|A reappraisal of Eurypterus dumonti STAINIER, 1917 and its position within the Adelophthalmidae TOLLERTON, 1989|
Tetlie, O.E.; Van Roy, P. (2006). A reappraisal of Eurypterus dumonti STAINIER, 1917 and its position within the Adelophthalmidae TOLLERTON, 1989. Bull. Kon. Belg. Inst. Natuurwet. Aardwet. = Bull. - Inst. r. sci. nat. Belg., Sci. Terre 76: 79-90
In: Bulletin van het Koninklijk Belgisch Instituut voor Natuurwetenschappen. Aardwetenschappen = Bulletin de l'Institut Royal des Sciences Naturelles de Belgique. Sciences de la Terre. KBIN: Brussel. ISSN 0374-6291, more
Carboniferous; Eurypterida; Merostomata [WoRMS]; Belgium, Maasmechelen [Marine Regions]; Marine
Eurypterida, appendages, 'dumb-bells', Belgium, Coal Measures
|Authors|| || Top |
- Tetlie, O.E.
- Van Roy, P., more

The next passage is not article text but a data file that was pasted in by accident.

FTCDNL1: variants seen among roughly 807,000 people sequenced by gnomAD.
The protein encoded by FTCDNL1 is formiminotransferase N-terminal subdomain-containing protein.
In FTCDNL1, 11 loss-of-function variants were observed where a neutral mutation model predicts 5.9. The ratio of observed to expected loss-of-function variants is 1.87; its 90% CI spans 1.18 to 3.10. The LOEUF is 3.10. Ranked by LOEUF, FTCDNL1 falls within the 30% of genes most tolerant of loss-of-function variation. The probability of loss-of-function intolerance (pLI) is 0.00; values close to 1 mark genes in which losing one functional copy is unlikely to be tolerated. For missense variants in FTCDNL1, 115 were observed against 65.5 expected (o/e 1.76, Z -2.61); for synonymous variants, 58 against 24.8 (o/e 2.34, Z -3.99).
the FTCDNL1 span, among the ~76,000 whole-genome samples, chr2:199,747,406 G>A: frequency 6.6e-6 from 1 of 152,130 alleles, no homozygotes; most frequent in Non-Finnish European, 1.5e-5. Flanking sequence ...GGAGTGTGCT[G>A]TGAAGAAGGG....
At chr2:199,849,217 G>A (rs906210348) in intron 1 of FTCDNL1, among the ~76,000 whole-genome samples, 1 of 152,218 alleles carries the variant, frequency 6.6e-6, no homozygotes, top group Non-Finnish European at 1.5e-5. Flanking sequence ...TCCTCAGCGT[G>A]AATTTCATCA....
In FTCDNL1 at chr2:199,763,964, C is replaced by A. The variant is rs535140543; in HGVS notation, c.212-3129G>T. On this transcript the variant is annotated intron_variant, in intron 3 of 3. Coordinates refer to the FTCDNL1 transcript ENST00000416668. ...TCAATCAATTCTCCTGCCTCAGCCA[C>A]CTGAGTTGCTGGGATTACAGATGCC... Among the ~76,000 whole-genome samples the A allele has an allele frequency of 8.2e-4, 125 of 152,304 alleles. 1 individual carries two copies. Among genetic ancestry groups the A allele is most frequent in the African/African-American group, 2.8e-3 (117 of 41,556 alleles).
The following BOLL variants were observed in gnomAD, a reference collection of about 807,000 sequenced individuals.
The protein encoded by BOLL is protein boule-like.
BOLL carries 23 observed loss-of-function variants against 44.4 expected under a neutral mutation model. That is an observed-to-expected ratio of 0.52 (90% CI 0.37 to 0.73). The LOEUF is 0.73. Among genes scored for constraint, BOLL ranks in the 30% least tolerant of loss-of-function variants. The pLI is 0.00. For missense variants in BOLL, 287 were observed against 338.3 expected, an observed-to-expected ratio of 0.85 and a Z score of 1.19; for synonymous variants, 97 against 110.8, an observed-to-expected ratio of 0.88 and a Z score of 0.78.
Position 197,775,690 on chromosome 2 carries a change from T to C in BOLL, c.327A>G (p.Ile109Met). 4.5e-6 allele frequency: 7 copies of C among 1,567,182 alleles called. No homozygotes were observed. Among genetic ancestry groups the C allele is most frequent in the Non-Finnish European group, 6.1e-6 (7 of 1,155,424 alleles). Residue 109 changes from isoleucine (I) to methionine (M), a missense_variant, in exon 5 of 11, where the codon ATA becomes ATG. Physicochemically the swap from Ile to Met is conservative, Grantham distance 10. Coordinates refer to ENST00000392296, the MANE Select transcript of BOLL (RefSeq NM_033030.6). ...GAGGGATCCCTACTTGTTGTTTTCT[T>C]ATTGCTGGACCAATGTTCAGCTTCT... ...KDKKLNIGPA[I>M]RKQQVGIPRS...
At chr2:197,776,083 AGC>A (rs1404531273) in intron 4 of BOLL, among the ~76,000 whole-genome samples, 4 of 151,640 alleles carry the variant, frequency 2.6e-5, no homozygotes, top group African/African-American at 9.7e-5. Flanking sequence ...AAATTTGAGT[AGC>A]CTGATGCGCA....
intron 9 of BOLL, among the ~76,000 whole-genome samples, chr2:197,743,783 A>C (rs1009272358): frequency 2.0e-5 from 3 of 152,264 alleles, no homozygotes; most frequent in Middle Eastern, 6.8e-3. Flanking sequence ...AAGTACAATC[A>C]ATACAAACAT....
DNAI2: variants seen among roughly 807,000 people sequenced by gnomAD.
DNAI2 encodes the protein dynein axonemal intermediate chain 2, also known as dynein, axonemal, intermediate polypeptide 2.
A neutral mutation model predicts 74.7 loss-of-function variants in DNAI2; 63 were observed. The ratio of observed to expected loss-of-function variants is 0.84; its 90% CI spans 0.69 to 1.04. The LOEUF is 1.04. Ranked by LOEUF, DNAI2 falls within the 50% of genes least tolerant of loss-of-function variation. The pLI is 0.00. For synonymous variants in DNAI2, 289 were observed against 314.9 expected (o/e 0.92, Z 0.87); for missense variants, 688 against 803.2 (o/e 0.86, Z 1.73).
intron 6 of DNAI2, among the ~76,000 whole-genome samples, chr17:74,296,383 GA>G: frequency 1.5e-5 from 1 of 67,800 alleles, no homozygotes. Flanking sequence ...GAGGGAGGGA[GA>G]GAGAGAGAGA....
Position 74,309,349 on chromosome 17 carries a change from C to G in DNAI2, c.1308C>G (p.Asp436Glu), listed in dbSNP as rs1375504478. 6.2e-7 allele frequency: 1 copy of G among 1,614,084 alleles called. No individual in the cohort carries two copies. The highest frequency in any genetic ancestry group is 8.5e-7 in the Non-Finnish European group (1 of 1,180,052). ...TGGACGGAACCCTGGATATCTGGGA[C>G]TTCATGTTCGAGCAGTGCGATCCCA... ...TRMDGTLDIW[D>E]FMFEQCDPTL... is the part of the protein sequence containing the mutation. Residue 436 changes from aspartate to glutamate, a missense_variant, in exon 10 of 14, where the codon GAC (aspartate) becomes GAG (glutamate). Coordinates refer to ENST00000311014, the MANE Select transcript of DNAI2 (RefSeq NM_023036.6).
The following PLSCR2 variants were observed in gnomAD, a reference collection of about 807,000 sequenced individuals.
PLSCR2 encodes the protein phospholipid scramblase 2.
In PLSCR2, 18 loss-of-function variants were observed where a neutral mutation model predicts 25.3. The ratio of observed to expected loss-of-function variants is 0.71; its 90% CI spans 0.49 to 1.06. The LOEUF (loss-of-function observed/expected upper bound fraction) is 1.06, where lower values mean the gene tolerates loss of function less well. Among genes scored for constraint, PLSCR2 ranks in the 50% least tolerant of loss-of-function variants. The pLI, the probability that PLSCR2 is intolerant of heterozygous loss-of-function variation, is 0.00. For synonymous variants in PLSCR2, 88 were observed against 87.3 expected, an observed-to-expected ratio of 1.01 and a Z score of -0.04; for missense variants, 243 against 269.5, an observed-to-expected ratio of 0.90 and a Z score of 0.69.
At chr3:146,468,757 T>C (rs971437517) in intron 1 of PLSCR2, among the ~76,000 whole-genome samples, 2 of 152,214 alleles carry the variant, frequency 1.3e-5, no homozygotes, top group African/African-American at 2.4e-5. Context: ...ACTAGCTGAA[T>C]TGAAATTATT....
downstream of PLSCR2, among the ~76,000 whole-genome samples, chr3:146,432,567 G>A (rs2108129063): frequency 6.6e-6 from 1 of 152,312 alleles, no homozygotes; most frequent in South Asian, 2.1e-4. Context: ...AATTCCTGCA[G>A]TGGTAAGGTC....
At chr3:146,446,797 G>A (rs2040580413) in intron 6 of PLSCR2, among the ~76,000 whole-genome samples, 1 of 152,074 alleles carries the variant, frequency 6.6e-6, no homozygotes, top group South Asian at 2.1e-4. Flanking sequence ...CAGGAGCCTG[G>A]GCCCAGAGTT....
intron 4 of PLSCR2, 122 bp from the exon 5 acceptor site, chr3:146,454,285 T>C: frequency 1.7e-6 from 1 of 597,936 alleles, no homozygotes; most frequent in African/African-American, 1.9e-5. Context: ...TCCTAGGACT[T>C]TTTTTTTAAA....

The Carboniferous eurypterid Eurypterus dumonti STAINIER, 1917 from Mechelen-aan-de-Maas (Maasmechelen), Belgium is redescribed and assigned to the genus Adelophthalmus. It is diagnosed as having a raised triangle of unknown function, dorsally on opisthosomal segment 7 and a carapace articulating laterally against the second opisthosomal segment. Earlier assignments of this species to the genus Unionopterus, based on the carapace shape figured in the original description (STAINIER 1917), are incorrect and the existence of a Carboniferous eurypterid with the characteristics described for Unionopterus must be questioned. The appendages in A. dumonti are completely exposed and provide an unrivalled insight into the number of appendage podomeres in the genus; this species is interpreted to have a podomere count consistent with most other eurypterids. Small pustules previously thought to be cuticle sculpture are here interpreted as diagenetic "dumb-bells" (see BRIGGS & WILBY 1996) following microbial activity on the carcase prior to fossilisation. These "dumb-bells" are the oldest non-marine record of this diagenetic feature. A number of other features are also interpreted differently from the original description. Possible lineages within the Adelophthalmus clade are identified, A. dumonti is probably closely related to A. imhofi (Czech Republic) and A. moyseyi (United Kingdom).